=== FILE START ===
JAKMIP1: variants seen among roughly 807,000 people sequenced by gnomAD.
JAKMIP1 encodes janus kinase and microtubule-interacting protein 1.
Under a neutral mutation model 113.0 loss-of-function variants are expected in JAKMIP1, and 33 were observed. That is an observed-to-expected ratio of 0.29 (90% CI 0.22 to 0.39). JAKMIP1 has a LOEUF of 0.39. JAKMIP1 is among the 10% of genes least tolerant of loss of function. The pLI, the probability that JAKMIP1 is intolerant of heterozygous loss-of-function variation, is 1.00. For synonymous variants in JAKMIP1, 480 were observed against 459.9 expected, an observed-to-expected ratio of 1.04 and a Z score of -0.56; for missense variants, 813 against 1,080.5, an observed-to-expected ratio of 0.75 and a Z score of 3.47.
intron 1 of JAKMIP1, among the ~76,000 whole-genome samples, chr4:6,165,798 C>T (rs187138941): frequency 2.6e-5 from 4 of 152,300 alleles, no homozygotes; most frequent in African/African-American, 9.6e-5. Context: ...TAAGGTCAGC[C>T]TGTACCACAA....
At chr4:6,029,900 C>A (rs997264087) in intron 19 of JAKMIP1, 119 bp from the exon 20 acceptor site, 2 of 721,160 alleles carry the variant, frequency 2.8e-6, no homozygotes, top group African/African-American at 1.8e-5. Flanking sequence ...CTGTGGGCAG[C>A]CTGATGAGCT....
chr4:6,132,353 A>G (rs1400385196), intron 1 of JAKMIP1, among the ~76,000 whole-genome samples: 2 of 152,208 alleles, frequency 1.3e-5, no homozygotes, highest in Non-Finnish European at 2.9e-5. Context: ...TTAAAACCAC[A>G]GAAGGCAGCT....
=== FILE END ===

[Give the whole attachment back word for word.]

JAKMIP1: variants seen among roughly 807,000 people sequenced by gnomAD.
JAKMIP1 encodes janus kinase and microtubule-interacting protein 1.
Under a neutral mutation model 113.0 loss-of-function variants are expected in JAKMIP1, and 33 were observed. That is an observed-to-expected ratio of 0.29 (90% CI 0.22 to 0.39). JAKMIP1 has a LOEUF of 0.39. JAKMIP1 is among the 10% of genes least tolerant of loss of function. The pLI, the probability that JAKMIP1 is intolerant of heterozygous loss-of-function variation, is 1.00. For synonymous variants in JAKMIP1, 480 were observed against 459.9 expected, an observed-to-expected ratio of 1.04 and a Z score of -0.56; for missense variants, 813 against 1,080.5, an observed-to-expected ratio of 0.75 and a Z score of 3.47.
intron 1 of JAKMIP1, among the ~76,000 whole-genome samples, chr4:6,165,798 C>T (rs187138941): frequency 2.6e-5 from 4 of 152,300 alleles, no homozygotes; most frequent in African/African-American, 9.6e-5. Context: ...TAAGGTCAGC[C>T]TGTACCACAA....
At chr4:6,029,900 C>A (rs997264087) in intron 19 of JAKMIP1, 119 bp from the exon 20 acceptor site, 2 of 721,160 alleles carry the variant, frequency 2.8e-6, no homozygotes, top group African/African-American at 1.8e-5. Flanking sequence ...CTGTGGGCAG[C>A]CTGATGAGCT....
chr4:6,132,353 A>G (rs1400385196), intron 1 of JAKMIP1, among the ~76,000 whole-genome samples: 2 of 152,208 alleles, frequency 1.3e-5, no homozygotes, highest in Non-Finnish European at 2.9e-5. Context: ...TTAAAACCAC[A>G]GAAGGCAGCT....